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The lack of evidence for ibogaine as a treatment for heroin dependence

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  1. The lack of evidence for ibogaine as a treatment for heroin dependence 19th International Harm Reduction Conference Barcelona, Spain 11-15 May, 2008 Dr. Alex Wodak, Sydney, Australia

  2. Background: • Invited by INPUD to provide: ‘a Harm Reductionist/scientist critique on Ibogaine’ • Recognise polarised area • Important harm reduction values: • tolerance, respect different views • policy, practise based on evidence • reducing harm is the paramount aim

  3. What are the important questions? • How are new medications regulated? • Is ibogaine an effective treatment for heroin dependence? • Does ibogaine assist heroin detoxification? • Is ibogaine safe? • More ibogaine research? • Why has advocacy for ibogaine not worked? • Conclusions

  4. 1 How are new meds regulated? • Thalidomide tragedy 1960s watershed drug regulation • After thalidomide: new drugs considered ineffective, unsafe until proven otherwise • Most countries adopted policy all drugs • Regulation medications especially important vulnerable minorities: why not apply for ibogaine?

  5. 2 Is ibogaine effective as HD Rx? • Badly need new treatments for heroin dependence • Opioid substitution effective, safe but need more options • New treatments heroin dependence more important than new detoxification

  6. Ibogaine as effective HD Rx: 2 • Essential or desirable evidence : • Number of studies • Number of countries • Different types of designs • Rigorous designs including if possible randomised controlled trials • Published reputable refereed journals

  7. Ibogaine as effective HD Rx: 3 • But evidence ibogaine effectiveness minimal: • few studies • approved by ethics committee? • small numbers subjects studied • mainly self-reported data • short follow up • generally poor quality designs • generally not published refereed journals • ‘might’ ‘may’ ‘could’ ‘appears’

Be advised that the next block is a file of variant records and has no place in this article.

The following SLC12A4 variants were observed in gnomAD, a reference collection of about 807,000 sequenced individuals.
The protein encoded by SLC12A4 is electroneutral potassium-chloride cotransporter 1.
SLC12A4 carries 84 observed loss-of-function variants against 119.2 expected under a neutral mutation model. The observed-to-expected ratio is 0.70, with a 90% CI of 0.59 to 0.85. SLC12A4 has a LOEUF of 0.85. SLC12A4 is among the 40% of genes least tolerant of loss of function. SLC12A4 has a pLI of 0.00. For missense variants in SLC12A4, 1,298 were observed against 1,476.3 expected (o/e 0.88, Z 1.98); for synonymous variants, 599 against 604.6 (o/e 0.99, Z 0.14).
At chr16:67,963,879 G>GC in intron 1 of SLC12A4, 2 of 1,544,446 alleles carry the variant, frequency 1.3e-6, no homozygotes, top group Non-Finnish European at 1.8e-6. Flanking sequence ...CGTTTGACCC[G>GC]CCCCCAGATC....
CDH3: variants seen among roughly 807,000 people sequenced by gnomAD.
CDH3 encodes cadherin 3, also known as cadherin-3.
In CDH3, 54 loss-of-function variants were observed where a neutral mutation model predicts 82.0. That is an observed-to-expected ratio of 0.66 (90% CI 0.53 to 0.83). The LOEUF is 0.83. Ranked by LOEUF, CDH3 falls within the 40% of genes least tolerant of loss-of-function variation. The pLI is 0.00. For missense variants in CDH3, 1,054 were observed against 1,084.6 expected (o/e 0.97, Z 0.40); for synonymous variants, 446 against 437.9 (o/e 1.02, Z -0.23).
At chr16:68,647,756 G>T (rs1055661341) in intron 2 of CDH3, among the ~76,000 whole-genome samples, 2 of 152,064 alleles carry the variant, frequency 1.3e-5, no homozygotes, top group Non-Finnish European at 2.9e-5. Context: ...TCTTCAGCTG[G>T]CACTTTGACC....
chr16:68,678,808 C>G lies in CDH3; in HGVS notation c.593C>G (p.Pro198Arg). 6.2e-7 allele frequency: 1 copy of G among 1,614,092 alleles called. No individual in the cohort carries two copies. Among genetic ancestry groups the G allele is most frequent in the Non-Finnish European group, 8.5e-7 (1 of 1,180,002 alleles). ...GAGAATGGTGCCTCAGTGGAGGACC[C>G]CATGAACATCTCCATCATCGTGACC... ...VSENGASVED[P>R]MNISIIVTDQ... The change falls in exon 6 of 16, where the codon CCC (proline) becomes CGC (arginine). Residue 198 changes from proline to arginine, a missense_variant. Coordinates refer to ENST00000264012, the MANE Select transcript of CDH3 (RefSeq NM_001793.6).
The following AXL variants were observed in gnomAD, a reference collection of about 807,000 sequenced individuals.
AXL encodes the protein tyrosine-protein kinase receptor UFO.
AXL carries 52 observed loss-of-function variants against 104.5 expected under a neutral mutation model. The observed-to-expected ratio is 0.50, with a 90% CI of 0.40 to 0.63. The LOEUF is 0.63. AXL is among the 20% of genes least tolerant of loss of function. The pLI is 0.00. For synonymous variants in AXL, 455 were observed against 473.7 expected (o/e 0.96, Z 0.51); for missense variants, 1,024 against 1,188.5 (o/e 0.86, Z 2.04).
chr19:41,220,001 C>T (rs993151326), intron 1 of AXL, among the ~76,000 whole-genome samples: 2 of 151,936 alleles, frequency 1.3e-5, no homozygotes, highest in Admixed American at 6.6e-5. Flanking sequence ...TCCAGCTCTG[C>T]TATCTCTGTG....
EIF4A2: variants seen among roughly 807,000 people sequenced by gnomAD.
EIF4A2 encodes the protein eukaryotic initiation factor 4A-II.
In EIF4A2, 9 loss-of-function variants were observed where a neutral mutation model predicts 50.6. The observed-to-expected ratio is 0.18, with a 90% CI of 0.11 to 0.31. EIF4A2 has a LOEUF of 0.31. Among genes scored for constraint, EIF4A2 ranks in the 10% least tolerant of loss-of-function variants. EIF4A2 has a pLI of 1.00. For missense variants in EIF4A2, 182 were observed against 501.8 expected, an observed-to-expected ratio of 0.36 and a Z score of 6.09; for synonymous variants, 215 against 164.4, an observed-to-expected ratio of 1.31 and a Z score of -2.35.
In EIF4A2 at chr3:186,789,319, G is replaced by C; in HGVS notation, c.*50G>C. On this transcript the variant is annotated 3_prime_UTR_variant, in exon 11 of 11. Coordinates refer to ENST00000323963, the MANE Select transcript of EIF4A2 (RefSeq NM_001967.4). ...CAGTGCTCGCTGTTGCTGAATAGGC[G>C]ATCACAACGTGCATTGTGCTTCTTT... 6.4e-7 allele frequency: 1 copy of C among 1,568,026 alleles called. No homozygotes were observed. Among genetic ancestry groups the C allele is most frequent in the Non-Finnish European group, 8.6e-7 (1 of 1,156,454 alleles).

8. Ibogaine heroin detoxification? • Detoxification is ‘achieving safe, comfortable withdrawal’, only short-term • More detox studies than HD • But still only preliminary • No comparisons to other agents • Unconvincing

  9. Major claims by supporters: • Reduces drug craving • Reduces opioid withdrawal signs, symptoms • Sustained, complete resolution opioid withdrawal syndrome • i.e. not treatment outcomes • So far only Phase I studies

  10. Assessments: ‘There have been few reports of the effects of ibogaine in humans. Anecdotal accounts of the acute and long-term effects of ibogaine have included only a small series of case reports from opiate and cocaine addicts with observations provided for only seven and four subjects, respectively’ Marsh, Kovera, Pablo, Tyndale, Ervin, Kamlet, Hearn. 2001

  11. Assessments: 2 ‘The use of ibogaine for the treatment of drug dependence has been based on anecdotal reports from groups of self-treating addicts that the drug blocked opiate withdrawal and reduced craving for opiates and other illicit drugs for extended time periods’ Marsh, Kovera, Pablo, Tyndale, Ervin, Kamlet, Hearn. 2001

  12. Assessments: 3 ‘Objective investigations of ibogaine’s effects on drug craving, and the signs and symptoms of opiate withdrawal, have not been done in either research or conventional treatment settings.’ Marsh, Kovera, Pablo, Tyndale, Ervin, Kamlet, Hearn. 2001